Gulfstream is calling for operators of G650 and G650ERs that are at least 24 months old to immediately comply with a Rolls-Royce service bulletin involving inspections and lubrication of the high-pressure (HP) compressor variable stator vane (VSV) mechanism. A maintenance and operations (M&O) letters sent to operators late last week said affected aircraft “will be permitted one flight cycle to allow for the relocation of the aircraft” until they are deemed in compliance with the work outlined in the Rolls-Royce Non-Modification Service Bulletin SB-BR700-72-900178 or Gulfstream’s Customer Bulletin 246 (which provides instructions on compliance with the SB).
Last week’s M&O letters followed two incidents involving inflight engine shutdowns that occurred in less than a year. The first occurred in September 2018 and the second in more recent weeks. Follow-up investigations revealed both shutdowns were caused by a high-friction condition within the HP compressor VSV mechanism. “When the high-friction condition is present, excessive torque is required to move the VSV system, resulting in an electronic engine control-commanded shutdown,” Gulfstream said.
After the September event, Rolls-Royce released the service bulletin for inspection and lubrication of the VSV mechanism within 12 months. But after the second event, Gulfstream said, “We have decided it would be prudent to accelerate inspection and lubrication requirements for aircraft that have been in service for 24 months or more, starting from July 2019.”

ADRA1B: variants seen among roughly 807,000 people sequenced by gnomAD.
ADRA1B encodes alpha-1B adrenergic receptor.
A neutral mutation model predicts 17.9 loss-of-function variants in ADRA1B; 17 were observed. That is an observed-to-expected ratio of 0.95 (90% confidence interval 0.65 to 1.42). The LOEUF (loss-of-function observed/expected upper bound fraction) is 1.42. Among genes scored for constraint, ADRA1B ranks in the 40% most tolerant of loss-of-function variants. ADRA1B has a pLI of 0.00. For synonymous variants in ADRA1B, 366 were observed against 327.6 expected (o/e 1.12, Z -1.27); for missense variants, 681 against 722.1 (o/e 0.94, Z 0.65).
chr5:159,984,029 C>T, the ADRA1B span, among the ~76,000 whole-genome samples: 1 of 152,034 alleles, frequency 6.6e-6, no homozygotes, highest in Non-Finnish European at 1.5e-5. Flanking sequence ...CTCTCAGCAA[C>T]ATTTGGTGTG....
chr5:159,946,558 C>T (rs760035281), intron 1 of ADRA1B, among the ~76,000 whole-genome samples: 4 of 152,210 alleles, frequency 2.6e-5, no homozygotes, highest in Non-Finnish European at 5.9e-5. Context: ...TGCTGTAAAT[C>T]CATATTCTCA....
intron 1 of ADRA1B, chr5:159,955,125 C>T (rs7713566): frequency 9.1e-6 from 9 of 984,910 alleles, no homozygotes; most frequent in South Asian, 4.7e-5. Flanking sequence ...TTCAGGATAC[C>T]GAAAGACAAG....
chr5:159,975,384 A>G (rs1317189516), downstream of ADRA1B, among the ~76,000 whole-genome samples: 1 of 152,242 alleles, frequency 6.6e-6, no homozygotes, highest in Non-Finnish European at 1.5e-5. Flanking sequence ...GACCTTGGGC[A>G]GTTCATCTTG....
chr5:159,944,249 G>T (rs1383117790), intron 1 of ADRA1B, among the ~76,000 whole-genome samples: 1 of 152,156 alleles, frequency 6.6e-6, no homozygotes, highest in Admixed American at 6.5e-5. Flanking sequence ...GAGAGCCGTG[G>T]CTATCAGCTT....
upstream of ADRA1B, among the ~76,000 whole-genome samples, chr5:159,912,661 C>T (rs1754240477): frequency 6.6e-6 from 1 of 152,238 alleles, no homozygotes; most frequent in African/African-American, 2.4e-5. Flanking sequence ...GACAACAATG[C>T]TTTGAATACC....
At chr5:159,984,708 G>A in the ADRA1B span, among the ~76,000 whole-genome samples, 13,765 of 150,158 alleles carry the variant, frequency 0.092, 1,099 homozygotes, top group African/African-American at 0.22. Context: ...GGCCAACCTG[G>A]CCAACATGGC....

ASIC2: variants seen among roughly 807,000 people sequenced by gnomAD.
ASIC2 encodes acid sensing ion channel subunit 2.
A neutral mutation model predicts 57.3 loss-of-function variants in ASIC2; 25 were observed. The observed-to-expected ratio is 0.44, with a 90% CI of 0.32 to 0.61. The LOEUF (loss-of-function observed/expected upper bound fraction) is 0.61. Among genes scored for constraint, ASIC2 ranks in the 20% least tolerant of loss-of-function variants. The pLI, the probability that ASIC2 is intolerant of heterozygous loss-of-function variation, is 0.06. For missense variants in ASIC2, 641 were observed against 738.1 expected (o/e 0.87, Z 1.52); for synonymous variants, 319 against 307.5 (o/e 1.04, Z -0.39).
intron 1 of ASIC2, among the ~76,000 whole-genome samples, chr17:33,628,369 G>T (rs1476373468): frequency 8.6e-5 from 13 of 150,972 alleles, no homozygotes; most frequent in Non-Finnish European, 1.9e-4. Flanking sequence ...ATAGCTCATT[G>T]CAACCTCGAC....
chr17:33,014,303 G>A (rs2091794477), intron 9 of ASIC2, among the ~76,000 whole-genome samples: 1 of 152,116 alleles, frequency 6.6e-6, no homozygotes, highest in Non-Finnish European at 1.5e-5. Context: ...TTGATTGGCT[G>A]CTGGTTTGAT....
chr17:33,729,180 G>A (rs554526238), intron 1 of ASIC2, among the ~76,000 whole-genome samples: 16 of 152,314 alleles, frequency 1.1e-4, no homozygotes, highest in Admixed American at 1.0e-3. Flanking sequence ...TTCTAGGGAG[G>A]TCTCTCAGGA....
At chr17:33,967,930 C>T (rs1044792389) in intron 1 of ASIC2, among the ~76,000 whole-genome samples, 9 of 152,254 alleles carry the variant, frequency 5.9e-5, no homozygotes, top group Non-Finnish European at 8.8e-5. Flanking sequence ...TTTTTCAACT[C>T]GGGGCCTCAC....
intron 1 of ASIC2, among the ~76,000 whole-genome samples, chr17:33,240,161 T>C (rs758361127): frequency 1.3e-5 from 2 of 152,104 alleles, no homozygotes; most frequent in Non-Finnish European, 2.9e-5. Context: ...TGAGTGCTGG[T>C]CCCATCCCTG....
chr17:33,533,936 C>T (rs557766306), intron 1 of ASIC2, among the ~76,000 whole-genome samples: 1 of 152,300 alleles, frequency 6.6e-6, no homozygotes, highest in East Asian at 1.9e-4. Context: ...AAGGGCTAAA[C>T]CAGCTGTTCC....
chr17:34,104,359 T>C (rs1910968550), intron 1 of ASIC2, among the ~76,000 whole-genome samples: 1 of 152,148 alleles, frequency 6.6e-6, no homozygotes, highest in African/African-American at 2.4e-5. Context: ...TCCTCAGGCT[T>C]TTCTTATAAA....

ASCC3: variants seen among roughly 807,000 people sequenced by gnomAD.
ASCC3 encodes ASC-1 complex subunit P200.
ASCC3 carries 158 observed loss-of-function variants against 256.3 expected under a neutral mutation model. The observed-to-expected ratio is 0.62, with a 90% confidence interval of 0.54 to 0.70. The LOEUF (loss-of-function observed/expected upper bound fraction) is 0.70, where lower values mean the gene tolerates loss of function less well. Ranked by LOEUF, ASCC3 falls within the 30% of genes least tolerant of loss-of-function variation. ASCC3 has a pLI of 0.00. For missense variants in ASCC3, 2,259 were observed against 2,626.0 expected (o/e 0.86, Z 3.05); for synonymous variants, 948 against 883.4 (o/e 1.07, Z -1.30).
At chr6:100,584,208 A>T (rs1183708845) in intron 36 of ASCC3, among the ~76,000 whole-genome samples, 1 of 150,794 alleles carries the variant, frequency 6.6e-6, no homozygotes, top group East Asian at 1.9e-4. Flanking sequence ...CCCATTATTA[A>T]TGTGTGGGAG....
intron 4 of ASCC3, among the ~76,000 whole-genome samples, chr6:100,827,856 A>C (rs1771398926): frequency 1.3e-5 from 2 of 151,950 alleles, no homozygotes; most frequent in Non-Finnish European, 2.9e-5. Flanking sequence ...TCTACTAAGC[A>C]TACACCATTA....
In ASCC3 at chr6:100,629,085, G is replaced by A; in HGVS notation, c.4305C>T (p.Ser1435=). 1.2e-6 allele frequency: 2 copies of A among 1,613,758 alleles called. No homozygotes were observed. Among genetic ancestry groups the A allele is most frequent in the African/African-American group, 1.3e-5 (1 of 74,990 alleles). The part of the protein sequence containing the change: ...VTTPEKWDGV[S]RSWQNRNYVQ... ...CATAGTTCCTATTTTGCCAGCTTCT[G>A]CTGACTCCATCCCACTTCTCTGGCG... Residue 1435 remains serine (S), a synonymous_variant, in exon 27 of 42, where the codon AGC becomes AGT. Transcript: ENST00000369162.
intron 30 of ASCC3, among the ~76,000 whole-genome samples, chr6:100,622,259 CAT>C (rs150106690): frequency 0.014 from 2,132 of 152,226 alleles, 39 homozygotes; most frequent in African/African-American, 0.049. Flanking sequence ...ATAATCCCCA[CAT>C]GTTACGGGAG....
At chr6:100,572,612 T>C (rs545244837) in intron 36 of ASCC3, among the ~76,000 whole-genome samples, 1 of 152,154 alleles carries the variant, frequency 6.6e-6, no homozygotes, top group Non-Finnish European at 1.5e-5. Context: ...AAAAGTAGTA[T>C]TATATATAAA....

Gulfstream was working with operators on meeting the requirements. By early this week, the manufacturer estimated that the work had already been accomplished on about 60 percent of the affected fleet of 254 aircraft. Gulfstream and Rolls-Royce field representatives, as well as other trained technicians, can perform the inspections, Gulfstream said. In addition, the inspections can be performed at any Gulfstream service center or center in the Rolls-Royce network.
The manufacturer added that it is continuing to investigate the issue with Rolls-Royce and would provide further communication as appropriate.
Editor's Note: This story has been updated to include both the G650 and G650ER and reflect the amount of work already accomplished.